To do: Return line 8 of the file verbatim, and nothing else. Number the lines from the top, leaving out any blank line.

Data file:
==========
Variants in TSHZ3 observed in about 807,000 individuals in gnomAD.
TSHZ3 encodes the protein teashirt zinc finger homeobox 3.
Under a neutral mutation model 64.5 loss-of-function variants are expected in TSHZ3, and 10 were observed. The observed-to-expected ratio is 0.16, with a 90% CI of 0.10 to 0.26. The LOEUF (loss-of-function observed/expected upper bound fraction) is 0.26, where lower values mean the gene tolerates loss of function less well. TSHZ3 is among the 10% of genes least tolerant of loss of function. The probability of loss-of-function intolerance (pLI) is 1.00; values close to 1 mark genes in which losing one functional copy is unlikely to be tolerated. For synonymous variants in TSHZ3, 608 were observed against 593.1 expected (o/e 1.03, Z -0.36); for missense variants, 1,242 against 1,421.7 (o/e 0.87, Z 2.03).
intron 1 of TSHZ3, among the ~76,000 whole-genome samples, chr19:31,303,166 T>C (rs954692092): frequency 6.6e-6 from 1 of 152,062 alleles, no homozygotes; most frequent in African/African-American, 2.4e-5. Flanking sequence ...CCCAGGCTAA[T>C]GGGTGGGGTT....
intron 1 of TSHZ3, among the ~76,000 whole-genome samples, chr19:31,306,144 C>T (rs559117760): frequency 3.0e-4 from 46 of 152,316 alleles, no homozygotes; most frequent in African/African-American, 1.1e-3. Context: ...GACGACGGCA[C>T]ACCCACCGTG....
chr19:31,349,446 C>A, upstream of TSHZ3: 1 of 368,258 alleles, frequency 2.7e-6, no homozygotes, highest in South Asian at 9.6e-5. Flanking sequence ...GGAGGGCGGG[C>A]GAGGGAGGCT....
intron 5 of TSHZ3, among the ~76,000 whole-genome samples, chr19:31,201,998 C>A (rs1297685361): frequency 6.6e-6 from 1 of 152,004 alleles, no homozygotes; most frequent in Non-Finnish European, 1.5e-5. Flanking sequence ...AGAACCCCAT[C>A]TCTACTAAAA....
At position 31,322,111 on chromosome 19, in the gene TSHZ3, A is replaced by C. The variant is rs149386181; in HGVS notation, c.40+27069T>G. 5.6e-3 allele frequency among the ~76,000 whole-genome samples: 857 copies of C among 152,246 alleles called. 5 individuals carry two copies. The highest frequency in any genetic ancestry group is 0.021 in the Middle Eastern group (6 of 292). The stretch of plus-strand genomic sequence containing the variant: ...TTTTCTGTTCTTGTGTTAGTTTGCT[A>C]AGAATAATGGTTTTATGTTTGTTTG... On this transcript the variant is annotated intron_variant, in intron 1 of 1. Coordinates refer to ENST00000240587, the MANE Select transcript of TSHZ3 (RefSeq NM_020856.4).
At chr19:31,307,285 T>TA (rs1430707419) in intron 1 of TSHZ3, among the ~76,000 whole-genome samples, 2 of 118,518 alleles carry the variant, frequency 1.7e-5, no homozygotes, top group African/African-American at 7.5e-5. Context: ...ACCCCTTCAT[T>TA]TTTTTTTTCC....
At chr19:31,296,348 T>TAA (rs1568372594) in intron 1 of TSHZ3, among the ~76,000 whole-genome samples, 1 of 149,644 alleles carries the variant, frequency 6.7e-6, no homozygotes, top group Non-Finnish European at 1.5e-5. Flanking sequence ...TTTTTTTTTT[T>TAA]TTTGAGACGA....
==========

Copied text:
At position 31,322,111 on chromosome 19, in the gene TSHZ3, A is replaced by C. The variant is rs149386181; in HGVS notation, c.40+27069T>G. 5.6e-3 allele frequency among the ~76,000 whole-genome samples: 857 copies of C among 152,246 alleles called. 5 individuals carry two copies. The highest frequency in any genetic ancestry group is 0.021 in the Middle Eastern group (6 of 292). The stretch of plus-strand genomic sequence containing the variant: ...TTTTCTGTTCTTGTGTTAGTTTGCT[A>C]AGAATAATGGTTTTATGTTTGTTTG... On this transcript the variant is annotated intron_variant, in intron 1 of 1. Coordinates refer to ENST00000240587, the MANE Select transcript of TSHZ3 (RefSeq NM_020856.4).